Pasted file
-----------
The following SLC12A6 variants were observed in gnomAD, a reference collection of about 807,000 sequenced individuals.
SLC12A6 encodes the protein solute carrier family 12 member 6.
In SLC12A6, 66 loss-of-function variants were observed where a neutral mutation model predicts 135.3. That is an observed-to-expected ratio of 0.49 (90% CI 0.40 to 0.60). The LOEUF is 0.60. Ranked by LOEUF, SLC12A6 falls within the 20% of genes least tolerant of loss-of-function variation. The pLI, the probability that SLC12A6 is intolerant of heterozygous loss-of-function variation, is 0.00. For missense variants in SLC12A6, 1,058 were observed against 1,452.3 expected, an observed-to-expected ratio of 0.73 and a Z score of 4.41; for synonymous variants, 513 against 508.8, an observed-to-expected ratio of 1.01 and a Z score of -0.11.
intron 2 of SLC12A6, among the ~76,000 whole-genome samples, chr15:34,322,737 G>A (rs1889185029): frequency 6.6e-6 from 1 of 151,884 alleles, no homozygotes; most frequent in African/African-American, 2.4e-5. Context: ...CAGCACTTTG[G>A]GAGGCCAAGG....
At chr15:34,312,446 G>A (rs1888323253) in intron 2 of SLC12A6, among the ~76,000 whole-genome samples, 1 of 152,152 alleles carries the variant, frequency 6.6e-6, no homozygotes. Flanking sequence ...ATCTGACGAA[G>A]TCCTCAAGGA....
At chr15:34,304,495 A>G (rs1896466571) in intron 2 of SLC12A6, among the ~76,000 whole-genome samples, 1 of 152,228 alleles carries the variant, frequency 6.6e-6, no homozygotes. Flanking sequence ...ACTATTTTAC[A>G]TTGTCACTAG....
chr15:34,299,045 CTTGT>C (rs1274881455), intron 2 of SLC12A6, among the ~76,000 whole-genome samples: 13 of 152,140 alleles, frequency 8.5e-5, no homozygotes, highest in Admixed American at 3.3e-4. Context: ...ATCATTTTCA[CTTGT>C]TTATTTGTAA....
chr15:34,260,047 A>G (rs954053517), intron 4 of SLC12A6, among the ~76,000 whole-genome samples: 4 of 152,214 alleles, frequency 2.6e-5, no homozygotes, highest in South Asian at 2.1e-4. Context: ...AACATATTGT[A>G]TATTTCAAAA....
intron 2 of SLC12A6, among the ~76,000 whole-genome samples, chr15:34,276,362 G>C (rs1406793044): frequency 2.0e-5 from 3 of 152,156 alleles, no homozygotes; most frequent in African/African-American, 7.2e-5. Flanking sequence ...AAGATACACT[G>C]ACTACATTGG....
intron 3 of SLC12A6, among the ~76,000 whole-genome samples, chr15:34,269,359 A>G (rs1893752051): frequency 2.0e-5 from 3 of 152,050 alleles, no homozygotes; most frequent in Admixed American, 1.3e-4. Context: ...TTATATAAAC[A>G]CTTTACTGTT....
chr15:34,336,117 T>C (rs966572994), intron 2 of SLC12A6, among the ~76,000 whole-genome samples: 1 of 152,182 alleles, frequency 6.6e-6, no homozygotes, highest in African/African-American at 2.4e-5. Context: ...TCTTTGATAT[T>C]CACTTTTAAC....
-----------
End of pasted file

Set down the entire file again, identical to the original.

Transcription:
The following SLC12A6 variants were observed in gnomAD, a reference collection of about 807,000 sequenced individuals.
SLC12A6 encodes the protein solute carrier family 12 member 6.
In SLC12A6, 66 loss-of-function variants were observed where a neutral mutation model predicts 135.3. That is an observed-to-expected ratio of 0.49 (90% CI 0.40 to 0.60). The LOEUF is 0.60. Ranked by LOEUF, SLC12A6 falls within the 20% of genes least tolerant of loss-of-function variation. The pLI, the probability that SLC12A6 is intolerant of heterozygous loss-of-function variation, is 0.00. For missense variants in SLC12A6, 1,058 were observed against 1,452.3 expected, an observed-to-expected ratio of 0.73 and a Z score of 4.41; for synonymous variants, 513 against 508.8, an observed-to-expected ratio of 1.01 and a Z score of -0.11.
intron 2 of SLC12A6, among the ~76,000 whole-genome samples, chr15:34,322,737 G>A (rs1889185029): frequency 6.6e-6 from 1 of 151,884 alleles, no homozygotes; most frequent in African/African-American, 2.4e-5. Context: ...CAGCACTTTG[G>A]GAGGCCAAGG....
At chr15:34,312,446 G>A (rs1888323253) in intron 2 of SLC12A6, among the ~76,000 whole-genome samples, 1 of 152,152 alleles carries the variant, frequency 6.6e-6, no homozygotes. Flanking sequence ...ATCTGACGAA[G>A]TCCTCAAGGA....
At chr15:34,304,495 A>G (rs1896466571) in intron 2 of SLC12A6, among the ~76,000 whole-genome samples, 1 of 152,228 alleles carries the variant, frequency 6.6e-6, no homozygotes. Flanking sequence ...ACTATTTTAC[A>G]TTGTCACTAG....
chr15:34,299,045 CTTGT>C (rs1274881455), intron 2 of SLC12A6, among the ~76,000 whole-genome samples: 13 of 152,140 alleles, frequency 8.5e-5, no homozygotes, highest in Admixed American at 3.3e-4. Context: ...ATCATTTTCA[CTTGT>C]TTATTTGTAA....
chr15:34,260,047 A>G (rs954053517), intron 4 of SLC12A6, among the ~76,000 whole-genome samples: 4 of 152,214 alleles, frequency 2.6e-5, no homozygotes, highest in South Asian at 2.1e-4. Context: ...AACATATTGT[A>G]TATTTCAAAA....
intron 2 of SLC12A6, among the ~76,000 whole-genome samples, chr15:34,276,362 G>C (rs1406793044): frequency 2.0e-5 from 3 of 152,156 alleles, no homozygotes; most frequent in African/African-American, 7.2e-5. Flanking sequence ...AAGATACACT[G>C]ACTACATTGG....
intron 3 of SLC12A6, among the ~76,000 whole-genome samples, chr15:34,269,359 A>G (rs1893752051): frequency 2.0e-5 from 3 of 152,050 alleles, no homozygotes; most frequent in Admixed American, 1.3e-4. Context: ...TTATATAAAC[A>G]CTTTACTGTT....
chr15:34,336,117 T>C (rs966572994), intron 2 of SLC12A6, among the ~76,000 whole-genome samples: 1 of 152,182 alleles, frequency 6.6e-6, no homozygotes, highest in African/African-American at 2.4e-5. Context: ...TCTTTGATAT[T>C]CACTTTTAAC....